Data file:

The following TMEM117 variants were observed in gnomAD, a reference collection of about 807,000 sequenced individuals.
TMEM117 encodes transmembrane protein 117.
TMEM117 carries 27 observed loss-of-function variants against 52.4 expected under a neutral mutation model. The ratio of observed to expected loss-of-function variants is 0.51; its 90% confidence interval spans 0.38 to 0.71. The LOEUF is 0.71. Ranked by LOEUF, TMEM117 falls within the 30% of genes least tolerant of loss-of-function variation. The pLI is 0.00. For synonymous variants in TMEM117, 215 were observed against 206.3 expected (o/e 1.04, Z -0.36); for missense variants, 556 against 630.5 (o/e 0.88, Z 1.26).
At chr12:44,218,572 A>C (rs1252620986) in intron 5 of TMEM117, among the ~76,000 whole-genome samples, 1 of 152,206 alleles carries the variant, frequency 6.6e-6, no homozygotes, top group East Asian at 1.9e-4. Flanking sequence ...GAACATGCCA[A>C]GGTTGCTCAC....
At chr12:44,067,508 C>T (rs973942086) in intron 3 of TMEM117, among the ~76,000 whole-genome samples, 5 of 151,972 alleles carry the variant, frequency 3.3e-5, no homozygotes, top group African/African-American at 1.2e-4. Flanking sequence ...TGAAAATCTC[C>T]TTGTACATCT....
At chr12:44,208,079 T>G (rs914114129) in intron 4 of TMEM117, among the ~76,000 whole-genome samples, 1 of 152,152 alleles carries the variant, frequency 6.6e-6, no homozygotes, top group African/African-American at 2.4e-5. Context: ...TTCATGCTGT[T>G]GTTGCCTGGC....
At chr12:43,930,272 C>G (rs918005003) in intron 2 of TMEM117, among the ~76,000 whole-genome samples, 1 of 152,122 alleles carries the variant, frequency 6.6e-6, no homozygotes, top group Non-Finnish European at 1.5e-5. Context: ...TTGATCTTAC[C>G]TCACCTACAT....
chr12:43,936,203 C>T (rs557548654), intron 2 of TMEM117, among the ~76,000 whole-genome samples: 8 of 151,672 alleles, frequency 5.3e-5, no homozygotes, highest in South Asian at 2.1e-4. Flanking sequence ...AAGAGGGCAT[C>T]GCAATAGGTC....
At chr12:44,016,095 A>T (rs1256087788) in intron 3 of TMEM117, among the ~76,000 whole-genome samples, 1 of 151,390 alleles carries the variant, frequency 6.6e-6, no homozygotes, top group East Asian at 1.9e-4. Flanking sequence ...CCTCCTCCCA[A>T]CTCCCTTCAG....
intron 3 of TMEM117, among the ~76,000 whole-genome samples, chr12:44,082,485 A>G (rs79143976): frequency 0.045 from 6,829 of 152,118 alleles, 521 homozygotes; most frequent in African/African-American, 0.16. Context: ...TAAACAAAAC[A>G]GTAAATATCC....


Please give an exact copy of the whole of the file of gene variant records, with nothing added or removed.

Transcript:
The following TMEM117 variants were observed in gnomAD, a reference collection of about 807,000 sequenced individuals.
TMEM117 encodes transmembrane protein 117.
TMEM117 carries 27 observed loss-of-function variants against 52.4 expected under a neutral mutation model. The ratio of observed to expected loss-of-function variants is 0.51; its 90% confidence interval spans 0.38 to 0.71. The LOEUF is 0.71. Ranked by LOEUF, TMEM117 falls within the 30% of genes least tolerant of loss-of-function variation. The pLI is 0.00. For synonymous variants in TMEM117, 215 were observed against 206.3 expected (o/e 1.04, Z -0.36); for missense variants, 556 against 630.5 (o/e 0.88, Z 1.26).
At chr12:44,218,572 A>C (rs1252620986) in intron 5 of TMEM117, among the ~76,000 whole-genome samples, 1 of 152,206 alleles carries the variant, frequency 6.6e-6, no homozygotes, top group East Asian at 1.9e-4. Flanking sequence ...GAACATGCCA[A>C]GGTTGCTCAC....
At chr12:44,067,508 C>T (rs973942086) in intron 3 of TMEM117, among the ~76,000 whole-genome samples, 5 of 151,972 alleles carry the variant, frequency 3.3e-5, no homozygotes, top group African/African-American at 1.2e-4. Flanking sequence ...TGAAAATCTC[C>T]TTGTACATCT....
At chr12:44,208,079 T>G (rs914114129) in intron 4 of TMEM117, among the ~76,000 whole-genome samples, 1 of 152,152 alleles carries the variant, frequency 6.6e-6, no homozygotes, top group African/African-American at 2.4e-5. Context: ...TTCATGCTGT[T>G]GTTGCCTGGC....
At chr12:43,930,272 C>G (rs918005003) in intron 2 of TMEM117, among the ~76,000 whole-genome samples, 1 of 152,122 alleles carries the variant, frequency 6.6e-6, no homozygotes, top group Non-Finnish European at 1.5e-5. Context: ...TTGATCTTAC[C>G]TCACCTACAT....
chr12:43,936,203 C>T (rs557548654), intron 2 of TMEM117, among the ~76,000 whole-genome samples: 8 of 151,672 alleles, frequency 5.3e-5, no homozygotes, highest in South Asian at 2.1e-4. Flanking sequence ...AAGAGGGCAT[C>T]GCAATAGGTC....
At chr12:44,016,095 A>T (rs1256087788) in intron 3 of TMEM117, among the ~76,000 whole-genome samples, 1 of 151,390 alleles carries the variant, frequency 6.6e-6, no homozygotes, top group East Asian at 1.9e-4. Flanking sequence ...CCTCCTCCCA[A>T]CTCCCTTCAG....
intron 3 of TMEM117, among the ~76,000 whole-genome samples, chr12:44,082,485 A>G (rs79143976): frequency 0.045 from 6,829 of 152,118 alleles, 521 homozygotes; most frequent in African/African-American, 0.16. Context: ...TAAACAAAAC[A>G]GTAAATATCC....